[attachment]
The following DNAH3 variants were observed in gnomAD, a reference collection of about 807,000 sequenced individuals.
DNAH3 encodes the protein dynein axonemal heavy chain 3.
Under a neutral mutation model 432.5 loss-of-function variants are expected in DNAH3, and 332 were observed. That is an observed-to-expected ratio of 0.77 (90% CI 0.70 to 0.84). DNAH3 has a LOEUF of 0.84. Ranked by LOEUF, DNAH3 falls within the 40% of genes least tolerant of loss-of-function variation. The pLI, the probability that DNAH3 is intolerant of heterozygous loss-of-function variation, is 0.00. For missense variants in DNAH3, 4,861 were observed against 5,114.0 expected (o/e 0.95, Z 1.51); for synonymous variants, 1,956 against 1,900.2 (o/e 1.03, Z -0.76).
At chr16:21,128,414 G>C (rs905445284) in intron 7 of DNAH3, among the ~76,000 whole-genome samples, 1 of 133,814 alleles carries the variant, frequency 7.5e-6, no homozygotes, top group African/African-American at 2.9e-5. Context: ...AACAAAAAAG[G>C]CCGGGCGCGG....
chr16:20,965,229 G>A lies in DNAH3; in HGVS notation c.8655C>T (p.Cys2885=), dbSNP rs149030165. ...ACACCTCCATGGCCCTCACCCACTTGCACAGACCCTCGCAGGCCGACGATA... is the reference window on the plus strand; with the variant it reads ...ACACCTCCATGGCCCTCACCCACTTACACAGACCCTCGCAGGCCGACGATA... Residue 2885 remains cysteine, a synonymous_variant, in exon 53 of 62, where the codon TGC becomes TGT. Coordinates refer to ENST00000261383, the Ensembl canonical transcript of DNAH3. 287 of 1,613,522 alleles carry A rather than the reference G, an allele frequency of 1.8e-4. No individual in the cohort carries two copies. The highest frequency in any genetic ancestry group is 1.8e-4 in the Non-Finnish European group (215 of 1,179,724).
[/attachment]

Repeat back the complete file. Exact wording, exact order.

The following DNAH3 variants were observed in gnomAD, a reference collection of about 807,000 sequenced individuals.
DNAH3 encodes the protein dynein axonemal heavy chain 3.
Under a neutral mutation model 432.5 loss-of-function variants are expected in DNAH3, and 332 were observed. That is an observed-to-expected ratio of 0.77 (90% CI 0.70 to 0.84). DNAH3 has a LOEUF of 0.84. Ranked by LOEUF, DNAH3 falls within the 40% of genes least tolerant of loss-of-function variation. The pLI, the probability that DNAH3 is intolerant of heterozygous loss-of-function variation, is 0.00. For missense variants in DNAH3, 4,861 were observed against 5,114.0 expected (o/e 0.95, Z 1.51); for synonymous variants, 1,956 against 1,900.2 (o/e 1.03, Z -0.76).
At chr16:21,128,414 G>C (rs905445284) in intron 7 of DNAH3, among the ~76,000 whole-genome samples, 1 of 133,814 alleles carries the variant, frequency 7.5e-6, no homozygotes, top group African/African-American at 2.9e-5. Context: ...AACAAAAAAG[G>C]CCGGGCGCGG....
chr16:20,965,229 G>A lies in DNAH3; in HGVS notation c.8655C>T (p.Cys2885=), dbSNP rs149030165. ...ACACCTCCATGGCCCTCACCCACTTGCACAGACCCTCGCAGGCCGACGATA... is the reference window on the plus strand; with the variant it reads ...ACACCTCCATGGCCCTCACCCACTTACACAGACCCTCGCAGGCCGACGATA... Residue 2885 remains cysteine, a synonymous_variant, in exon 53 of 62, where the codon TGC becomes TGT. Coordinates refer to ENST00000261383, the Ensembl canonical transcript of DNAH3. 287 of 1,613,522 alleles carry A rather than the reference G, an allele frequency of 1.8e-4. No individual in the cohort carries two copies. The highest frequency in any genetic ancestry group is 1.8e-4 in the Non-Finnish European group (215 of 1,179,724).